I enjoyed listening to this book. While it is entertaining; it is also educational. I didn't realize our food system was in such a state! I will think of this book every time I bite into a hamburger!! And, this summer I will attempt to grow my own heirloom vegetables!
A delightful and revealing book from Kingsolver and her family. This book which has chapters by Kingsolver, her husband and her children, invites us to share the experience and learning a year of eating locally has to offer. A great weekend read that will continue to resonate as you walk thorough the aisles of your grocery store.
This was one of the best audiobooks I have ever listened to. I was so inspired by this book! If we could all follow this path, just think what our future would look like. This is also one of the rare times when the author is the BEST person to narrate. Thank you!
Being read by Kingsolver and family brings this book closer to home and makes it real to the reader. It's a combination of good story, good food, and interesting facts for the environmentally friendly. It'll put you off well traveled food and on to good home grown tomatoes.
Animal, Vegetable, Miracle is a great blend of personal history, environmental updates, farmer's almanac and enticing cookbook. You'll want to take a break from listening to go online where you can download some of the great recipes or access references.
I've read, or listened to, quite a few books this past year. I would rank this one at the top of the list. I enjoyed listening to Barbara's voice and laughed out loud at many places throughout the book. Camille's recipes made me hungry and wishing I knew how to make my own mozzarella. The book does come with a more serious side than simply teaching us how to "grow our own food". There is a downside to this particular Audible selection. I don't have access now to the many facts given to me by her husband Steven. I think this is an oversight on Audible's part and hope to find the supporting footnotes on her website.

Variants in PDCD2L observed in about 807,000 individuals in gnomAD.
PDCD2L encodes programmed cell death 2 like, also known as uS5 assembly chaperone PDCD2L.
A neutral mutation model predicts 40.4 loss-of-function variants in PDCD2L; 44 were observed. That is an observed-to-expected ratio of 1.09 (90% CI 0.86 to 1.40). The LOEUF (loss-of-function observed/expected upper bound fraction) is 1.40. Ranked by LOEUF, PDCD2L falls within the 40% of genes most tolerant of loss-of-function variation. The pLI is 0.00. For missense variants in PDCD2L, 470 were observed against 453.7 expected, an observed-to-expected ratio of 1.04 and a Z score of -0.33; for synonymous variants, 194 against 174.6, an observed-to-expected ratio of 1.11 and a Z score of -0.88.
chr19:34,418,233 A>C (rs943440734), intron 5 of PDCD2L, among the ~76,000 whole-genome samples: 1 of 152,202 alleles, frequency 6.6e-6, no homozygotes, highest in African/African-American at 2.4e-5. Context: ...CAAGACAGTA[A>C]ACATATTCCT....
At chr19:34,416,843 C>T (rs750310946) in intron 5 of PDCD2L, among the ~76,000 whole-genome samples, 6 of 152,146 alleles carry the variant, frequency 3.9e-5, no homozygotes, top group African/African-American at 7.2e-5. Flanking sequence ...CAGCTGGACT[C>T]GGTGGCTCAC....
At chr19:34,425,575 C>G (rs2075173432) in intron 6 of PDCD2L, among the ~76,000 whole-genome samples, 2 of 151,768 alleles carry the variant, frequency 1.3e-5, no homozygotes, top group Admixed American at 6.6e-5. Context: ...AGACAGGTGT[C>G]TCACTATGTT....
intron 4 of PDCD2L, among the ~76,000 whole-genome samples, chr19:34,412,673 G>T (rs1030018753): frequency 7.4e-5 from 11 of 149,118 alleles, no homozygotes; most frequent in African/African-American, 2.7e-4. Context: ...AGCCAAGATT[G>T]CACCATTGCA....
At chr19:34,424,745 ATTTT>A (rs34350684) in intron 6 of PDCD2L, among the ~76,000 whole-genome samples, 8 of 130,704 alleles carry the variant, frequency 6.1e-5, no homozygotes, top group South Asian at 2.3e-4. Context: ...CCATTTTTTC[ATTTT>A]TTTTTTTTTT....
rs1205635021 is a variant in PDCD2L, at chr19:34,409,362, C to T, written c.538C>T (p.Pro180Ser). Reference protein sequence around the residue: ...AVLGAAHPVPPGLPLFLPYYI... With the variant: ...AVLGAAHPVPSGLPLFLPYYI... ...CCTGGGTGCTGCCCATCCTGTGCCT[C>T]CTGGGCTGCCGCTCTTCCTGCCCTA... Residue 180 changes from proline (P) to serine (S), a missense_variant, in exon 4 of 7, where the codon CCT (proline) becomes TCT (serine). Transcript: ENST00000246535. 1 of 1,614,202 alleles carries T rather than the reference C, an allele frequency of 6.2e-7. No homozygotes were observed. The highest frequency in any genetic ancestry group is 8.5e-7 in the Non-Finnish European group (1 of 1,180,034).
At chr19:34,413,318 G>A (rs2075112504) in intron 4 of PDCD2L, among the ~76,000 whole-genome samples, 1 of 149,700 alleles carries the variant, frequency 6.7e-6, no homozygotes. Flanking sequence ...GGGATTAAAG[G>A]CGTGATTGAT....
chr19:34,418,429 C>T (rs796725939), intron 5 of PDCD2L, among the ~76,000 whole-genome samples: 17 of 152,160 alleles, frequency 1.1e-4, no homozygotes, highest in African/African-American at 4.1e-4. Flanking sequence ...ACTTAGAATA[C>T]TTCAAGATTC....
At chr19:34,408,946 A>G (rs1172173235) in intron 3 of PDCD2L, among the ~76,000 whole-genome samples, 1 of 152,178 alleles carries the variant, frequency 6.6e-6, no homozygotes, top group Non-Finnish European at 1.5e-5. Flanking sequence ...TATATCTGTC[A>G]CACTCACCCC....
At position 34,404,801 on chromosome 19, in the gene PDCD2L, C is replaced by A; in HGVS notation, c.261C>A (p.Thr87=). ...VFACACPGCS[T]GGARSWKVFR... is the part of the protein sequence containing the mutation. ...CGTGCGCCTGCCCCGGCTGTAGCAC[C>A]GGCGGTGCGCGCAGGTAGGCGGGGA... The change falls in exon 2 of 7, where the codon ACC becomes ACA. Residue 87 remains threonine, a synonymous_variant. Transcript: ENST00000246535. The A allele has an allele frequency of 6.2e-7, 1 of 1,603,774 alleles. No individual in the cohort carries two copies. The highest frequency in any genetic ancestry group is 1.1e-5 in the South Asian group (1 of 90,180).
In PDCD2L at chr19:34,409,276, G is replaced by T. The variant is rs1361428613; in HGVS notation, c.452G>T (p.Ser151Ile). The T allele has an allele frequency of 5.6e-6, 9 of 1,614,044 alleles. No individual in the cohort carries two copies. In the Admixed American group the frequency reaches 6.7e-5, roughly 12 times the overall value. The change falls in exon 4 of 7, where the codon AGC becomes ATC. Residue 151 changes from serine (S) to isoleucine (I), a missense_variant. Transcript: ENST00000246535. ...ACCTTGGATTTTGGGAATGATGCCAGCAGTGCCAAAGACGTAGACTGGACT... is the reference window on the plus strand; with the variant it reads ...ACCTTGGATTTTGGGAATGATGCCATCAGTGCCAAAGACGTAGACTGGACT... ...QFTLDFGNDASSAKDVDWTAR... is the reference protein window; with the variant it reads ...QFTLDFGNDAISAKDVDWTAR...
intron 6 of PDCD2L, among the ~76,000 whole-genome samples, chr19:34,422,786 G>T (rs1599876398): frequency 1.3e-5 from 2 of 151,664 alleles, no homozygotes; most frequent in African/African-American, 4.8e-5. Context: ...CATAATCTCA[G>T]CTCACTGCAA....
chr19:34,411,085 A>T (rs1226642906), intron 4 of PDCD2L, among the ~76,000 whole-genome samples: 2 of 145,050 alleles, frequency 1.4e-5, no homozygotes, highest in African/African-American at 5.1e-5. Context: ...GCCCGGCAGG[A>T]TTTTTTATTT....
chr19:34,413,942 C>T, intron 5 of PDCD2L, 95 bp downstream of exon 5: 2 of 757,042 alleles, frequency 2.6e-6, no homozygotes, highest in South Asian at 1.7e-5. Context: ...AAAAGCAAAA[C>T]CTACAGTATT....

This is really a very fun and informative book, largely because Barbara Kingsolver is such a good writer. I believe everyone should read this and start thinking seriously about our food and how what we eat affects the rest of our world. I'm getting the Omnivore's Dilemma next....
Animal, Vegetable, Miracle is an interesting story of a year-long experiment with eating wholesome, locally grown food, eliminating almost all foods coming from another state or region. There is much to be learned from their experiment. This is also a good read. Kingsolver tells a tale well, whatever the tale.
There's an old church joke that's been told for years that goes something like this: A man dies and goes to heaven and is receiving a welcoming tour on his first day. He's shown a variety of rooms, each of which belongs to a particular denomination and in which those particular people are doing whatever is common to their little sect of Christianity. The denomination at the butt of the joke changes with who's telling it, but the last room is always occupied by that denomination and the angel says "Shhh, that's the So-and-so's. They think they're the only ones here." And the angel and the man tip-toe by.
Kingsolver writes a good book of course, but she's like the denomination that thinks they're the only ones present on the issue. Left wing types have bought into their own hype that they're the only ones trying to save the planet and the right wing types are all at Walmart buying Roundup.
A little less smugness and a more generous spirit would help her influence a greater number of people. Joel Salatin is on the opposite end of the ideological spectrum and he's arguably one of the most influential people on the scene today for making a real difference. Kingsolver is a great writer but maybe she should hire Salatin to edit her next book if she decides to produce a sequel.